of probiotics and intestinal lactobacilli: light in the intestinal tract
The commercial interest in functional foods that contain live microorganisms, also termed probiotics, is paralleled by increasing scientific attention to their functionality in the digestive tract. Most studies are focused on intestinal Lactobacillus species, which are part of the natural gastro-intestinal microbiota, and include analysis of colonisation factors and other interactions with the host, the design of novel or improved strains with specific health benefits, and the application of sophisticated molecular tools to determine their fate and activity in situ.
plus antibiotics: regulating our bacterial environment
salivarius CTC2197 prevents Salmonella enteritidis colonization in chickens
A rifampin-resistant Lactobacillus salivarius strain, CTC2197, was assessed as a probiotic in poultry, by studying its ability to prevent Salmonella enteritidis C-114 colonization in chickens. When the probiotic strain was dosed by oral gavage together with S. enteritidis C-114 directly into the proventriculus in 1-day-old Leghorn chickens, the pathogen was completely removed from the birds after 21 days. The same results were obtained when the probiotic strain was also administered through the feed and the drinking water apart from direct inoculation into the proventriculus. The inclusion of L. salivarius CTC2197 in the first day chicken feed revealed that a concentration of 10(5) CFU g(-1) was enough to ensure the colonization of the gastrointestinal tract of the birds after 1 week. However, between 21 and 28 days, L. salivarius CTC2197 was undetectable in the gastrointestinal tract of some birds, showing that more than one dose would be necessary to ensure its presence till the end of the rearing time. Freeze-drying and freezing with glycerol or skim milk as cryoprotective agents, appeared to be suitable methods to preserve the probiotic strain. The inclusion of the L. salivarius CTC2197 in a commercial feed mixture seemed to be a good way to supply it on the farm, although the strain showed sensitivity to the temperatures used during the feed mixture storage and in the chicken incubator rooms. Moreover, survival had been improved after several reinoculations in chicken feed mixture. Full Text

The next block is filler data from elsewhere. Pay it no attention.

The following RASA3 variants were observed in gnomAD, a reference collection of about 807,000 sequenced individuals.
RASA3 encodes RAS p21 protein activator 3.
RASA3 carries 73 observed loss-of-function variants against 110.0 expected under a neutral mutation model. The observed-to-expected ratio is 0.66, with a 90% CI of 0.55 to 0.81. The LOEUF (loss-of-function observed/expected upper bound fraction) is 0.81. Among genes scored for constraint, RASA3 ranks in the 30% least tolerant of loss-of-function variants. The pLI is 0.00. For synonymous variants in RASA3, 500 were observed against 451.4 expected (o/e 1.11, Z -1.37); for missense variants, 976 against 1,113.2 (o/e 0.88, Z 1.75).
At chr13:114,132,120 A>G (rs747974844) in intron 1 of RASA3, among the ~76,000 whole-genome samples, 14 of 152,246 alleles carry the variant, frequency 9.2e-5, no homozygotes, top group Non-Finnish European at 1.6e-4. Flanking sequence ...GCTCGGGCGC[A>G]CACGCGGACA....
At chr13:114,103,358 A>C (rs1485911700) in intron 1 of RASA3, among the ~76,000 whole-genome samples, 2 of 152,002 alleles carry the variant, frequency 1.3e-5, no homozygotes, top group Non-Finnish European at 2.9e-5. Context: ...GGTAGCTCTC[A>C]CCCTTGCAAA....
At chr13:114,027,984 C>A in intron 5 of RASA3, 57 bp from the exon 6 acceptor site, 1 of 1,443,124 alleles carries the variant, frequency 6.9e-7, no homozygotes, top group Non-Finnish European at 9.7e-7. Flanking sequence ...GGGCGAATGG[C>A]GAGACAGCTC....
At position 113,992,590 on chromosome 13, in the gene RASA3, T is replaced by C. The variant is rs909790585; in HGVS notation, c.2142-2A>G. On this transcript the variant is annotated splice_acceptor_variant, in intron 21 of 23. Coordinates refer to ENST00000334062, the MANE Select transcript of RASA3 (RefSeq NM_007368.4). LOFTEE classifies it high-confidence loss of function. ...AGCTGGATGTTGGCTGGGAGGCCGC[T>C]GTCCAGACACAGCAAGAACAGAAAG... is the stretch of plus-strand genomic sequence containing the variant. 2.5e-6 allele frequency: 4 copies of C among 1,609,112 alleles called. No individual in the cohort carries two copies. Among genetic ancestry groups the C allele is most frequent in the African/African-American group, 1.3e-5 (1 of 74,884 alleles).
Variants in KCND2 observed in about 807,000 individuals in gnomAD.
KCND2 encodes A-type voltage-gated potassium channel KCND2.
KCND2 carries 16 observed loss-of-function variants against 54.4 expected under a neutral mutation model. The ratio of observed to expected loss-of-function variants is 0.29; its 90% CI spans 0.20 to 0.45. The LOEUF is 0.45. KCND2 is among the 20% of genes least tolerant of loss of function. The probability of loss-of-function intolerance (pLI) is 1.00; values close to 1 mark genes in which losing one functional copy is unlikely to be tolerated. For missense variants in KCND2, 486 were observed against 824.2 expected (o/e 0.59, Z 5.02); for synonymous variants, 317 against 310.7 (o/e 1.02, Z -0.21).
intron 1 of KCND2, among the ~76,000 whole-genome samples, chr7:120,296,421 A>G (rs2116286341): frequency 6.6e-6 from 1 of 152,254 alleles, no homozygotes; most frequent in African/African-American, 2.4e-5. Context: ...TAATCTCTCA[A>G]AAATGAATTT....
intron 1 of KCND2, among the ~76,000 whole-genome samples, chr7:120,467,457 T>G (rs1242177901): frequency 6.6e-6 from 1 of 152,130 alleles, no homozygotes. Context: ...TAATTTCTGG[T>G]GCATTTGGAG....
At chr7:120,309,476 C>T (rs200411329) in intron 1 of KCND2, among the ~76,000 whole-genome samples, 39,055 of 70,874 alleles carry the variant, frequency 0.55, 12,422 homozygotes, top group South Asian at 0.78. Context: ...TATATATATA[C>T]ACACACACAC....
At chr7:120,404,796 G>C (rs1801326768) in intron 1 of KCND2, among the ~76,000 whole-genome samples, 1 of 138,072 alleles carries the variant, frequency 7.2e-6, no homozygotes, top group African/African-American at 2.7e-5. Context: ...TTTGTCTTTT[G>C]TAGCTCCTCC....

and gastrointestinal health
Evidence for positive health benefits of Lactobacilli applies to only a few strains used for commercial applications. It is generally agreed that a probiotic must be capable of colonizing the intestinal tract to influence human health; this requirement disqualifies many of the strains currently used in fermented dairy products. Lactobacillus GG, a variant of L. casei sps rhamnosus, has been studied extensively in adults and children. When consumed as a dairy product or as a lyophilized powder, LGG colonizes the gastrointestinal tract for 1-3 days in most individuals and up to 7 days in about 30% of subjects. Traveler's diarrhea, antibiotic-associated diarrhea, and relapsing Clostridium difficile colitis are improved with LGG. In infantile diarrhea, the severity and duration of the attack is reduced. LGG-fermented milk lessens the intestinal permeability defects caused by exposure to cows milk or rotavirus infection. LGG has proven beneficial effects on intestinal immunity. It increases the numbers of IgA and other immunoglobulin-secreting cells in the intestinal mucosa. LGG stimulates local release of interferon. It facilitates antigen transport to underlying lymphoid cells, which serves to increase antigen uptake in Peyer's patches. LGG also acts as an immunoadjuvant for oral vaccines. In an animal model of colon cancer, LGG reduced the incidence of chemically induced tumors in the large bowel of rodents. Extensive safety testing has shown no pathogenic potential in humans or animals. Probiotic cultures of Lactobacilli have the potential to bring substantial health benefits to the consumer. The purported benefits for any probiotic must pass the highest standards of scientific scrutiny before the claims can be accepted.